Saitama – Japan head coach Hajime Moriyasu has frequently used “two categories, one team” to describe his approach to the current international soccer cycle as he has looked to build an under-24 team capable of Olympic success and integrate that generation into the senior Samurai Blue squad.
But, as has often been the case at international tournaments over the last decade and beyond, it is usually a case of “one team, two Japans.”
The first Japan is indecisive and hesitant, unable to capitalize on chances and reluctant to seize the initiative — even against inferior opposition.
The other is a confident world-beater, capable of creating amazing displays of artistry on the pitch and inspiring breathless comparisons to the “Captain Tsubasa” manga series from foreign viewers.
The appearance of the former in Thursday’s grindy 1-0 win over South Africa raised concerns as to whether this Japan side was truly capable of surpassing the team’s fourth-place finish at the London Games and capturing the country’s first men’s soccer medal since 1968’s bronze in Mexico City.
Then came Sunday’s encounter at Saitama Stadium, where attacking midfielders Takefusa Kubo and Ritsu Doan lit up the Mexican defense and built Japan a jaw-dropping two-goal lead just 11 minutes after the opening whistle. Moriyasu’s side held on for a 2-1 win that one reporter suggested was a “historic result” for the team.
In comparison to a Mexican starting lineup that featured just one player based outside the country’s domestic Liga MX, seven of Japan’s 11 currently belong to European clubs — a clear indication of how quickly Japanese talents are now flocking to the world’s top leagues and flourishing.
“We created chances, and even though we couldn’t score that third goal we played very cleverly,” Moriyasu said on Sunday night. “In that sense when we play against big countries, we’re able to play in a way that frustrates our opponents and plays to our strengths.
“Today we saw their technical skills and mobility, these are the strengths Japanese players have. The training they’re doing day-to-day with their clubs is helping them here.”
Perhaps no player best represents this generation’s potential than Kubo, who flourished in Barcelona’s academy system before returning to Japan to spend his teenage years with FC Tokyo and Yokohama F. Marinos. The 20-year-old playmaker, who signed with Real Madrid shortly after his 18th birthday, scored Japan’s lone goal against South Africa before delivering a blistering left-footed strike past Mexico’s Guillermo Ochoa on Sunday.
“Ochoa is a good goalkeeper, but I play against good keepers in Spain,” a confident Kubo said after the match. “But in the end it’s not about how good the opponent is — if you’re feeling good the ball will go in and I’m glad I was able to focus on that.”
While Kubo has yet to play for Real Madrid after two seasons on loan at other Spanish clubs, he has long been hyped as the future of Japan’s senior team and arrived at these Olympics as the squad’s most well-known player internationally, highly regarded for composure and maturity as much as for his head-turning technique.
“He’s made definitive performances and contributed significantly to our results,” Moriyasu said of Kubo. “His attacks stand out but he’s also a very good team player.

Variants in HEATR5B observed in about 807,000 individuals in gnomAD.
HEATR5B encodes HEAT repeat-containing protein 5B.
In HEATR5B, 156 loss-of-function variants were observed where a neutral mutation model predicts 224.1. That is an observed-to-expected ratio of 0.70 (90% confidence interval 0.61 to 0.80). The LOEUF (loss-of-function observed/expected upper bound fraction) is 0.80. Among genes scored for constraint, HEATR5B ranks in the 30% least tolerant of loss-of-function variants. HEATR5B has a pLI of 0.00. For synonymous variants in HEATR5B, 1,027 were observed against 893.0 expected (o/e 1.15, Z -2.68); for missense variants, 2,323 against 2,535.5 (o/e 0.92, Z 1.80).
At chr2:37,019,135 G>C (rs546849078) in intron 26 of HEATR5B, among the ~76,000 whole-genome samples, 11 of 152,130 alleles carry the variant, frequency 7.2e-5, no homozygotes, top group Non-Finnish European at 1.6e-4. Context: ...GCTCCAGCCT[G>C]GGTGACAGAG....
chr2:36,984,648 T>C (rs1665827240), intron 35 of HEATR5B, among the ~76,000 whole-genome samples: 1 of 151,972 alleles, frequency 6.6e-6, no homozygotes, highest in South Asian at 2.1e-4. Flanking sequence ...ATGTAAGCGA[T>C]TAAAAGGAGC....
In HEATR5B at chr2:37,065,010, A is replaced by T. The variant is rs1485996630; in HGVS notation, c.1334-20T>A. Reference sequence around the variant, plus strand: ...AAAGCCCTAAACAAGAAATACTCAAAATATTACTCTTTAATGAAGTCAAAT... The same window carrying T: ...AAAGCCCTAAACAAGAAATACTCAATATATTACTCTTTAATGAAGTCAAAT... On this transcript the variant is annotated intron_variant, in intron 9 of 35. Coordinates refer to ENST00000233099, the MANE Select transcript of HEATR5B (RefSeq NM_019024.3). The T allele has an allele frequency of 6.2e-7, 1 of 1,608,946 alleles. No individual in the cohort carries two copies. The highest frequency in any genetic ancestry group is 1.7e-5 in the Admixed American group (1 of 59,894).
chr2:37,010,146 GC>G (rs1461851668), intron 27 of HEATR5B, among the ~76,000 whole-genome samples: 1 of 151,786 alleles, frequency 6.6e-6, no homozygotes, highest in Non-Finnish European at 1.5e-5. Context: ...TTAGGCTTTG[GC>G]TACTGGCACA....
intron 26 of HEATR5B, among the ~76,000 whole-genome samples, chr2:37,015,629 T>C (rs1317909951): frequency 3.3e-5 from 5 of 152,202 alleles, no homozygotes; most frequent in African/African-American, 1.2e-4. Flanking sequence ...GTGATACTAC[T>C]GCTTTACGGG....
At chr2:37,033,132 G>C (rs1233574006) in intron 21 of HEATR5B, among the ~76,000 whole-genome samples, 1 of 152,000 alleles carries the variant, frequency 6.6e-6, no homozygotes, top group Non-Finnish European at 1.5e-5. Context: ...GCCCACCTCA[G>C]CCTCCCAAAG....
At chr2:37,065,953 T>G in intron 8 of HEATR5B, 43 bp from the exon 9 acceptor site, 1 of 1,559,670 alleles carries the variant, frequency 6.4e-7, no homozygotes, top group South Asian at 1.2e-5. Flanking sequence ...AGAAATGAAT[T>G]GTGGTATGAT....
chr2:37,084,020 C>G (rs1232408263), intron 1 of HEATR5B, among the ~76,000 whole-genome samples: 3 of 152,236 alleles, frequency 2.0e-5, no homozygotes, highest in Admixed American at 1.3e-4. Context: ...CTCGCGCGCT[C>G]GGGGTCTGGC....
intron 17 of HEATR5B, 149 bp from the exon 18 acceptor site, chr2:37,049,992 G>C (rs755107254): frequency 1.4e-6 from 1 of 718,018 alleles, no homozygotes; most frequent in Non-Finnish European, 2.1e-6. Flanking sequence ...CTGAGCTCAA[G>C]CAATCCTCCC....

“He’s been running and defending in addition to attacking, and because he’s able to approach these games from an international perspective, he’s been able to help lead the team on this front.”
That Japan held Mexico to just one goal was even more impressive considering that the team has been without Samurai Blue center back and reported Tottenham target Takehiro Tomiyasu, whose ankle injury shortly before the tournament has kept him off the bench for both games so far.
Sunday presented another example of Japan’s emerging international depth at all positions, with Ko Itakura, fresh off his second full season at Groningen on loan from Manchester City, slotting in next to overage captain Maya Yoshida to marshal the back line.
“It’s the same for me and for the players who didn’t come on today, but we’re all preparing every day in order to play,” Itakura said. “I wasn’t aiming to make any big plays, I was just looking to use what I’ve been practicing in training to help the team.
“Everyone’s putting a lot of effort into their preparations, and whoever appears can contribute to our game because they’re putting in the effort.”
A podium finish for this Japan side would cement its reputation as the strongest the country has ever fielded at the Olympics, but it’s not just other Tokyo 2020 participants who will have to be wary of the host nation.
Japan’s ability to field an all-Europe-based squad for recent World Cup qualifiers, combined with the performances shown by these under-24s, should serve notice of the country’s potential to be a force to be reckoned with in the next five years of international tournaments — especially at the 2022 and 2026 World Cups, in Qatar and North America, respectively.
While it’s the country’s women’s teams who are best known for bringing home winner’s trophies, it could soon be the mens’ turn to move the 1968 medal to the side to make room — so long as the Japan we saw on Sunday is the one that fans continue to see.
“We’re always scouting about 50-60 players who are based overseas, and I think this has contributed to our ability to have a mindset for the world stage,” Moriyasu said of Japan’s ever-deepening talent pool. “I’m not saying it’s essential to have players who are overseas, but it’s important to be able to have that perspective and experience. The standard of our players is reaching an international standard and I think you saw that today.”
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